of synteny, or the rearrangement of chromosomal material in evolution, an
impossibility. These are absurd conclusions, of course—we see evidence of
chromosomal variation in people all the time.”
“variation in people” what ! they are becoming another life
Question – if the human brain has far more capacity than
is necessary for a lifetime and yet evolutionists say a life form develops
according to need “adaptation” or “Natural selection” should we not be at point
of having a brain with just the capacity we need ?
Robert Birge (Syracuse University) who studies the storage of
data in proteins estimated in 1996 that the memory capacity of the brain was
between one and ten terabytes, with a most likely value of 3 terabytes. Such
estimates are generally based on counting neurons and assuming each neuron holds
1 bit. Bear in mind that the brain has far better algorithms for compressing
certain types of information than computers do. Source
The human brain
contains about 50 billion to 200 billion neurons (nobody knows how many for
sure), each of which interfaces with 1,000 to 100,000 other neurons through 100
trillion (10 14) to 10 quadrillion (10 16) synaptic junctions. Each synapse
possesses a variable firing threshold which is reduced as the neuron is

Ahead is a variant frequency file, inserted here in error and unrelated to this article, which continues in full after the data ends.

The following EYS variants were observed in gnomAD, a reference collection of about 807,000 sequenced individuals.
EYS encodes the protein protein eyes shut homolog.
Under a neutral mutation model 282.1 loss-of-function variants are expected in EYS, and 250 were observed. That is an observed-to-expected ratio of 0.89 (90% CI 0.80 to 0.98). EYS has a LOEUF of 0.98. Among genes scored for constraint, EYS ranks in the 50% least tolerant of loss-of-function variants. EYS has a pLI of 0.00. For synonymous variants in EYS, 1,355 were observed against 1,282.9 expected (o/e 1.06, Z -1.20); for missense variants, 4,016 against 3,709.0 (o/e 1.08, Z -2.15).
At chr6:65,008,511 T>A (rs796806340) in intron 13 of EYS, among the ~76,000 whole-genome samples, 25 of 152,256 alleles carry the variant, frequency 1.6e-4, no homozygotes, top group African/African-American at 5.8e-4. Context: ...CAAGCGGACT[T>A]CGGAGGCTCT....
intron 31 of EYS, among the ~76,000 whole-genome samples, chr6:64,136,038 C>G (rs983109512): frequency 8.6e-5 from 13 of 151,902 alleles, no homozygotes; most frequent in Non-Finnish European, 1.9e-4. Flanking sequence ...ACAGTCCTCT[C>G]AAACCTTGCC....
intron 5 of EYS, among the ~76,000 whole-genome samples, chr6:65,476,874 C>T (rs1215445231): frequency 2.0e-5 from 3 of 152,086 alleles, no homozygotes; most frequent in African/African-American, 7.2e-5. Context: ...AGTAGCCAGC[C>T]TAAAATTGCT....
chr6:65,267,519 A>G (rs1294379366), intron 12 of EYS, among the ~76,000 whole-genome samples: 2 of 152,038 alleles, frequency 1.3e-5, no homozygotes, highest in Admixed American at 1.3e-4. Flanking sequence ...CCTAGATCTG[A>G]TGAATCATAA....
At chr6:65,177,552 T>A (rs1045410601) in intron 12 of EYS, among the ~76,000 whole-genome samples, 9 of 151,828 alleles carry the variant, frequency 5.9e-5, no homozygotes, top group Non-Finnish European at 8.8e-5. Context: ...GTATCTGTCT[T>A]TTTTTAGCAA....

repeatedly activated. If we assume that the firing threshold at each synapse can
assume 256 distinguishable levels, and if we suppose that there are 20,000
shared synapses per neuron (10,000 per neuron), then the total information
storage capacity of the synapses in the cortex would be of the order of 500 to
1,000 terabytes. (Of course, if the brain’s storage of information takes place
at a molecular level, then I would be afraid to hazard a guess regarding how
many bytes can be stored in the brain. One estimate has placed it at about 3.6 X
10 19 bytes.) Source
The brain has about 100 billion nerve cells, so at least
that many bits (about 10 gigabytes) could be stored, assuming the brain uses
binary logic. But it probably doesn’t do so. Instead, information is believed to
be stored in the many connections that form between the cells. This is a much
larger number: Current estimates of brain capacity range from 1 to 1000
terabytes! It would take 1,000 to 10,000 typical disk drives to store that much
The above about covers current info regarding brain’s capacity
as compared to comp equivalent. Nevertheless, this only scratches the surface of
the brain issue, which seems to be as huge as a nano universe.
I’m not a “creationist” I believe in a creator not “absurd conclusions”
David Staples ( my10 quadrillion (10 16)
synaptic junctions can be my qualifications for having the Gall to reply to a
I will attempt to answer these questions as well as I can, given their inanity.
First, David Staples, you are an ass.
Second, I am in a hotel in Australia, and you are communicating with me via the internet. Yet you will not be satisfied with a citation of some evidence, but want a demonstration of speciation right here? What do you expect me to do, scoop up a couple of populations of marsupial mice, set them to mating, and squeeze the fucking mice through the intertubes to pop out in front of you? Well, all you are going to get from me is a link: here’s a list of observed instances of speciation that includes some examples of variations in chromosome organization that were part of the mechanism of reproductive isolation.